Why it matters
The Hauraki Gulf is an incredible place, globally recognised for the diversity of its wildlife, including whales, dolphins, and seabirds.
This ocean world, right on our doorstep, supports the people of Tāmaki Makaurau Auckland and beyond, providing well-being, recreation, and livelihoods. Its kaimoana has fed generations of Kiwi whānau.
But the Hauraki Gulf is in crisis. Waters that once shimmered with vast schools of trevally and snapper, and reefs that bristled with crayfish, are now overfished. Bottom trawling continues to destroy the seabed, leaving behind an underwater desert. Every time it rains, sewage, heavy metals and mud flow into the gulf from our cities, farms, and industries, making it unswimmable for humans and increasingly harmful to the wildlife that lives in it. With a rapidly growing population, we urgently need better ways of managing our impact on the marine environment.
The need for action is urgent. Working with mana whenua and other conservation partners, we are calling for:
- 30% marine protection
- a plan of action to reduce sedimentation entering the marine environment
- an end to bottom trawling.
Show your love for our precious Hauraki Gulf Tīkapa Moana. Protect what you love.
What can you do
Join us to celebrate the Gulf at Piritahi Marae on Waiheke Island, Saturday 10 December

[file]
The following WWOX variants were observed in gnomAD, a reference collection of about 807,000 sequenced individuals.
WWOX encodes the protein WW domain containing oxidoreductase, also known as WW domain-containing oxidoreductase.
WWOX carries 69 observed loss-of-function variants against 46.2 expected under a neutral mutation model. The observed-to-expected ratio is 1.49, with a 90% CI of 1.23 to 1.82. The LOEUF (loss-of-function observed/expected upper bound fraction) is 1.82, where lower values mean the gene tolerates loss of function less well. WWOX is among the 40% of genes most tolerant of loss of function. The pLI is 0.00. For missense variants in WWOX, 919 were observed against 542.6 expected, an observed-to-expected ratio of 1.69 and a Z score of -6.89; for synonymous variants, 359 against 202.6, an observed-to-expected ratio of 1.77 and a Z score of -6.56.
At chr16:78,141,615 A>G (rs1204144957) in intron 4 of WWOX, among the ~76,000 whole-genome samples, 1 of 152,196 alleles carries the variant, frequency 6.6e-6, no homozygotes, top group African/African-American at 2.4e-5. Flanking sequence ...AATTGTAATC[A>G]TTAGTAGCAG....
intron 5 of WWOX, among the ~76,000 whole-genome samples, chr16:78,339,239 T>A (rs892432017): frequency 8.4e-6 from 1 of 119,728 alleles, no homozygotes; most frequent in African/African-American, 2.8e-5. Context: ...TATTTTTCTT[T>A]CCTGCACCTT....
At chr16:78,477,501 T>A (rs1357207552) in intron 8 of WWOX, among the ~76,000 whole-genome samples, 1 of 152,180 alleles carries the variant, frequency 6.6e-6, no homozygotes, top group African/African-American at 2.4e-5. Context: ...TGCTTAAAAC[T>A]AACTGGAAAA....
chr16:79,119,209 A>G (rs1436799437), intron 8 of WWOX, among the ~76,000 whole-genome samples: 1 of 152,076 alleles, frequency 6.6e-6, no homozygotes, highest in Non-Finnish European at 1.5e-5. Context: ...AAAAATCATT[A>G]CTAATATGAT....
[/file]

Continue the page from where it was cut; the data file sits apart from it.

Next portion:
This family-friendly event will include a speakers' forum in the wharenui, food trucks, community group stalls, activities for tamariki and live music. Come along to connect with other ocean lovers and show your support for efforts to restore the mauri of the Gulf.
Speak up for more marine protection
The Government is proposing 19 new protection zones across the Gulf. This is the result of years of collaboration and consultation between decision-makers, mana whenua and stakeholders. This exciting proposal would lift the proportion of the Gulf protected from 6% to 18% – an important step towards our 30% goal.
Stop bottom trawling in the Gulf
Destructive fishing methods such as bottom trawling, dredging, and Danish seining have been ripping up the seafloor and decimating benthic ecosystems for decades. We're calling for an end to these practices within the Gulf.